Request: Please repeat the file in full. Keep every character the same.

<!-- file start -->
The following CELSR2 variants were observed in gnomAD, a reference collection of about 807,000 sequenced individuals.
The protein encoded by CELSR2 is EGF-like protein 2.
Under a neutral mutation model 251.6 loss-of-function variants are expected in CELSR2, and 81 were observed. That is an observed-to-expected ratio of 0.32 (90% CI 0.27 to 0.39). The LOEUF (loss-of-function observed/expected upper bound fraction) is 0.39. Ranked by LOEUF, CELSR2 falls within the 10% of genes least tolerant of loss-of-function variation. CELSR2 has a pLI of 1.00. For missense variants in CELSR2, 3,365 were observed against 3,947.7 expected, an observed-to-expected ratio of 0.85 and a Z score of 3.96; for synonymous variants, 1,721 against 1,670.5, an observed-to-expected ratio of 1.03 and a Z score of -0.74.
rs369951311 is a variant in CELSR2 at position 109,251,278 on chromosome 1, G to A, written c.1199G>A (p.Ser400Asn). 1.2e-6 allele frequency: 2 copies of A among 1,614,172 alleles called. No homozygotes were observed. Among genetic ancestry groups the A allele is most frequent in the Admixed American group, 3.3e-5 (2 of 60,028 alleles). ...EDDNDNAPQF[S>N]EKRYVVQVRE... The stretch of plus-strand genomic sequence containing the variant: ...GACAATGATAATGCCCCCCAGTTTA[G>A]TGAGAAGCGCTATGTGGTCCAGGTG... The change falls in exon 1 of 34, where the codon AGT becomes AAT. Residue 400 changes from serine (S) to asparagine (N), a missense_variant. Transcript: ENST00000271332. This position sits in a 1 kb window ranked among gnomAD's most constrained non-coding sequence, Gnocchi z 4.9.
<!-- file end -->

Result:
The following CELSR2 variants were observed in gnomAD, a reference collection of about 807,000 sequenced individuals.
The protein encoded by CELSR2 is EGF-like protein 2.
Under a neutral mutation model 251.6 loss-of-function variants are expected in CELSR2, and 81 were observed. That is an observed-to-expected ratio of 0.32 (90% CI 0.27 to 0.39). The LOEUF (loss-of-function observed/expected upper bound fraction) is 0.39. Ranked by LOEUF, CELSR2 falls within the 10% of genes least tolerant of loss-of-function variation. CELSR2 has a pLI of 1.00. For missense variants in CELSR2, 3,365 were observed against 3,947.7 expected, an observed-to-expected ratio of 0.85 and a Z score of 3.96; for synonymous variants, 1,721 against 1,670.5, an observed-to-expected ratio of 1.03 and a Z score of -0.74.
rs369951311 is a variant in CELSR2 at position 109,251,278 on chromosome 1, G to A, written c.1199G>A (p.Ser400Asn). 1.2e-6 allele frequency: 2 copies of A among 1,614,172 alleles called. No homozygotes were observed. Among genetic ancestry groups the A allele is most frequent in the Admixed American group, 3.3e-5 (2 of 60,028 alleles). ...EDDNDNAPQF[S>N]EKRYVVQVRE... The stretch of plus-strand genomic sequence containing the variant: ...GACAATGATAATGCCCCCCAGTTTA[G>A]TGAGAAGCGCTATGTGGTCCAGGTG... The change falls in exon 1 of 34, where the codon AGT becomes AAT. Residue 400 changes from serine (S) to asparagine (N), a missense_variant. Transcript: ENST00000271332. This position sits in a 1 kb window ranked among gnomAD's most constrained non-coding sequence, Gnocchi z 4.9.